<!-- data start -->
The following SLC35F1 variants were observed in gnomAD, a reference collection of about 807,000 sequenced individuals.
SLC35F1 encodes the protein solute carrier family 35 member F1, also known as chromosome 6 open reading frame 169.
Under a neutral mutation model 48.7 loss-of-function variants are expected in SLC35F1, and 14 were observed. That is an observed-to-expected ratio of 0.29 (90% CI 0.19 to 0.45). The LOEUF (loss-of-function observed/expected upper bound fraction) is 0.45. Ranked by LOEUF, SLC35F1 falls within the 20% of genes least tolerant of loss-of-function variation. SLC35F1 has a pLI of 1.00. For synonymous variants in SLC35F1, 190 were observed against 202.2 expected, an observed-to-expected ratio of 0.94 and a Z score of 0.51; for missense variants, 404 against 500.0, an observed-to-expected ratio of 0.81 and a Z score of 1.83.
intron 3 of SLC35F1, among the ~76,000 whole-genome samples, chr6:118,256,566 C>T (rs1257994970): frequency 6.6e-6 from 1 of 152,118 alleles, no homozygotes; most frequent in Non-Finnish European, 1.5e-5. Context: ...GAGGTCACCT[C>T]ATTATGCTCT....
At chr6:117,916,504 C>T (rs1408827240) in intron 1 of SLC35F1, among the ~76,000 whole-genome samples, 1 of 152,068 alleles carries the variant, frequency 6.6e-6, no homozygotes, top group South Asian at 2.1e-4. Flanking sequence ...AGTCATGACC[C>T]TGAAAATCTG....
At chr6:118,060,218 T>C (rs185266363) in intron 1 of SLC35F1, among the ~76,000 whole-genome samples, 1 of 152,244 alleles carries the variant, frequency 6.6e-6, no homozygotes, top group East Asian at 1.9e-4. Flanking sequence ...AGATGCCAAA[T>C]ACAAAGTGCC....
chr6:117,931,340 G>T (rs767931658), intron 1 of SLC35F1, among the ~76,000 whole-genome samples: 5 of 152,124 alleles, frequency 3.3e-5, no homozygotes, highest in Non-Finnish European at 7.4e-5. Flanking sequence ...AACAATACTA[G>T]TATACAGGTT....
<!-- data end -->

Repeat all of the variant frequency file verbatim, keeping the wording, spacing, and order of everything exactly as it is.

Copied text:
The following SLC35F1 variants were observed in gnomAD, a reference collection of about 807,000 sequenced individuals.
SLC35F1 encodes the protein solute carrier family 35 member F1, also known as chromosome 6 open reading frame 169.
Under a neutral mutation model 48.7 loss-of-function variants are expected in SLC35F1, and 14 were observed. That is an observed-to-expected ratio of 0.29 (90% CI 0.19 to 0.45). The LOEUF (loss-of-function observed/expected upper bound fraction) is 0.45. Ranked by LOEUF, SLC35F1 falls within the 20% of genes least tolerant of loss-of-function variation. SLC35F1 has a pLI of 1.00. For synonymous variants in SLC35F1, 190 were observed against 202.2 expected, an observed-to-expected ratio of 0.94 and a Z score of 0.51; for missense variants, 404 against 500.0, an observed-to-expected ratio of 0.81 and a Z score of 1.83.
intron 3 of SLC35F1, among the ~76,000 whole-genome samples, chr6:118,256,566 C>T (rs1257994970): frequency 6.6e-6 from 1 of 152,118 alleles, no homozygotes; most frequent in Non-Finnish European, 1.5e-5. Context: ...GAGGTCACCT[C>T]ATTATGCTCT....
At chr6:117,916,504 C>T (rs1408827240) in intron 1 of SLC35F1, among the ~76,000 whole-genome samples, 1 of 152,068 alleles carries the variant, frequency 6.6e-6, no homozygotes, top group South Asian at 2.1e-4. Flanking sequence ...AGTCATGACC[C>T]TGAAAATCTG....
At chr6:118,060,218 T>C (rs185266363) in intron 1 of SLC35F1, among the ~76,000 whole-genome samples, 1 of 152,244 alleles carries the variant, frequency 6.6e-6, no homozygotes, top group East Asian at 1.9e-4. Flanking sequence ...AGATGCCAAA[T>C]ACAAAGTGCC....
chr6:117,931,340 G>T (rs767931658), intron 1 of SLC35F1, among the ~76,000 whole-genome samples: 5 of 152,124 alleles, frequency 3.3e-5, no homozygotes, highest in Non-Finnish European at 7.4e-5. Flanking sequence ...AACAATACTA[G>T]TATACAGGTT....